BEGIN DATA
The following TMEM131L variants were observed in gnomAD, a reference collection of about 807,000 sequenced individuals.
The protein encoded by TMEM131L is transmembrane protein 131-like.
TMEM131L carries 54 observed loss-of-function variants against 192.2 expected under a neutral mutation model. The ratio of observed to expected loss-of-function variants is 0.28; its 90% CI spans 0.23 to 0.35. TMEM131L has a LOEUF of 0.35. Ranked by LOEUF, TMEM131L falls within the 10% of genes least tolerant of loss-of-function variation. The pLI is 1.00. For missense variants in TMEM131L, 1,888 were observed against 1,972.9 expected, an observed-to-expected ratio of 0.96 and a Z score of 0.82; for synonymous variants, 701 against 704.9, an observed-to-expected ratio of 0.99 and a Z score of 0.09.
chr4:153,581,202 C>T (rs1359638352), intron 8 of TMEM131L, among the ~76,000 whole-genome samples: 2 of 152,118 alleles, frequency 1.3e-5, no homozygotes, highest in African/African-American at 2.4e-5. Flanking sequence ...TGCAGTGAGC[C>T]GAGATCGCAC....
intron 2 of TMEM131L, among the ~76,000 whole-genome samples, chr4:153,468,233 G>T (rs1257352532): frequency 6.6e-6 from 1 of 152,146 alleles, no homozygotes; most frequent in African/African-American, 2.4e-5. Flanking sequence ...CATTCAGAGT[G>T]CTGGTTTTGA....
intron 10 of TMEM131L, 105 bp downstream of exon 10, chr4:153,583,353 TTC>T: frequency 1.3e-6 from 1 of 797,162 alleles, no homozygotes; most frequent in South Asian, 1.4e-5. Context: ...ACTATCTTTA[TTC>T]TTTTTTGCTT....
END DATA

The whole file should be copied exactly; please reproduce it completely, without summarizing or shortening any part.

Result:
The following TMEM131L variants were observed in gnomAD, a reference collection of about 807,000 sequenced individuals.
The protein encoded by TMEM131L is transmembrane protein 131-like.
TMEM131L carries 54 observed loss-of-function variants against 192.2 expected under a neutral mutation model. The ratio of observed to expected loss-of-function variants is 0.28; its 90% CI spans 0.23 to 0.35. TMEM131L has a LOEUF of 0.35. Ranked by LOEUF, TMEM131L falls within the 10% of genes least tolerant of loss-of-function variation. The pLI is 1.00. For missense variants in TMEM131L, 1,888 were observed against 1,972.9 expected, an observed-to-expected ratio of 0.96 and a Z score of 0.82; for synonymous variants, 701 against 704.9, an observed-to-expected ratio of 0.99 and a Z score of 0.09.
chr4:153,581,202 C>T (rs1359638352), intron 8 of TMEM131L, among the ~76,000 whole-genome samples: 2 of 152,118 alleles, frequency 1.3e-5, no homozygotes, highest in African/African-American at 2.4e-5. Flanking sequence ...TGCAGTGAGC[C>T]GAGATCGCAC....
intron 2 of TMEM131L, among the ~76,000 whole-genome samples, chr4:153,468,233 G>T (rs1257352532): frequency 6.6e-6 from 1 of 152,146 alleles, no homozygotes; most frequent in African/African-American, 2.4e-5. Flanking sequence ...CATTCAGAGT[G>T]CTGGTTTTGA....
intron 10 of TMEM131L, 105 bp downstream of exon 10, chr4:153,583,353 TTC>T: frequency 1.3e-6 from 1 of 797,162 alleles, no homozygotes; most frequent in South Asian, 1.4e-5. Context: ...ACTATCTTTA[TTC>T]TTTTTTGCTT....